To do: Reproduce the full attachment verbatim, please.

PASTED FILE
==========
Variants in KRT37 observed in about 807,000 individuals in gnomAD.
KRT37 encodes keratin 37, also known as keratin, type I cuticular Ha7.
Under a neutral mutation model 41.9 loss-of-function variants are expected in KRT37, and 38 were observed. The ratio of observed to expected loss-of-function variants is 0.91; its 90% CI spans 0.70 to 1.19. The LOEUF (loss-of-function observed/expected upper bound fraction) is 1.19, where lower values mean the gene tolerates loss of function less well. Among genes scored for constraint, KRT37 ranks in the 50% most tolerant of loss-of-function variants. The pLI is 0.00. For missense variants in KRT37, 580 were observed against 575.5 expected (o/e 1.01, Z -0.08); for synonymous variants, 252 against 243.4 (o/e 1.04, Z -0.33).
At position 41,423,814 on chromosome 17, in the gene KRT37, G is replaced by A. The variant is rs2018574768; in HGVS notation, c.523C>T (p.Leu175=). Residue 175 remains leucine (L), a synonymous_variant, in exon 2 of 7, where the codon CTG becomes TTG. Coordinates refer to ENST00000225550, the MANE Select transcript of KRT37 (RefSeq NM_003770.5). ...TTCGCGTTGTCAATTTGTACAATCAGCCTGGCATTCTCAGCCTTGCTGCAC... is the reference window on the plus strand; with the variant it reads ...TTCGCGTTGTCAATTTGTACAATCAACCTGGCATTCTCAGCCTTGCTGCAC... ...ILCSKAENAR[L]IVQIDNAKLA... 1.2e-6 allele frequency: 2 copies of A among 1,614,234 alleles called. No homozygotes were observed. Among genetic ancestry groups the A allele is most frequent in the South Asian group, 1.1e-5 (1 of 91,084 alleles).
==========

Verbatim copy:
Variants in KRT37 observed in about 807,000 individuals in gnomAD.
KRT37 encodes keratin 37, also known as keratin, type I cuticular Ha7.
Under a neutral mutation model 41.9 loss-of-function variants are expected in KRT37, and 38 were observed. The ratio of observed to expected loss-of-function variants is 0.91; its 90% CI spans 0.70 to 1.19. The LOEUF (loss-of-function observed/expected upper bound fraction) is 1.19, where lower values mean the gene tolerates loss of function less well. Among genes scored for constraint, KRT37 ranks in the 50% most tolerant of loss-of-function variants. The pLI is 0.00. For missense variants in KRT37, 580 were observed against 575.5 expected (o/e 1.01, Z -0.08); for synonymous variants, 252 against 243.4 (o/e 1.04, Z -0.33).
At position 41,423,814 on chromosome 17, in the gene KRT37, G is replaced by A. The variant is rs2018574768; in HGVS notation, c.523C>T (p.Leu175=). Residue 175 remains leucine (L), a synonymous_variant, in exon 2 of 7, where the codon CTG becomes TTG. Coordinates refer to ENST00000225550, the MANE Select transcript of KRT37 (RefSeq NM_003770.5). ...TTCGCGTTGTCAATTTGTACAATCAGCCTGGCATTCTCAGCCTTGCTGCAC... is the reference window on the plus strand; with the variant it reads ...TTCGCGTTGTCAATTTGTACAATCAACCTGGCATTCTCAGCCTTGCTGCAC... ...ILCSKAENAR[L]IVQIDNAKLA... 1.2e-6 allele frequency: 2 copies of A among 1,614,234 alleles called. No homozygotes were observed. Among genetic ancestry groups the A allele is most frequent in the South Asian group, 1.1e-5 (1 of 91,084 alleles).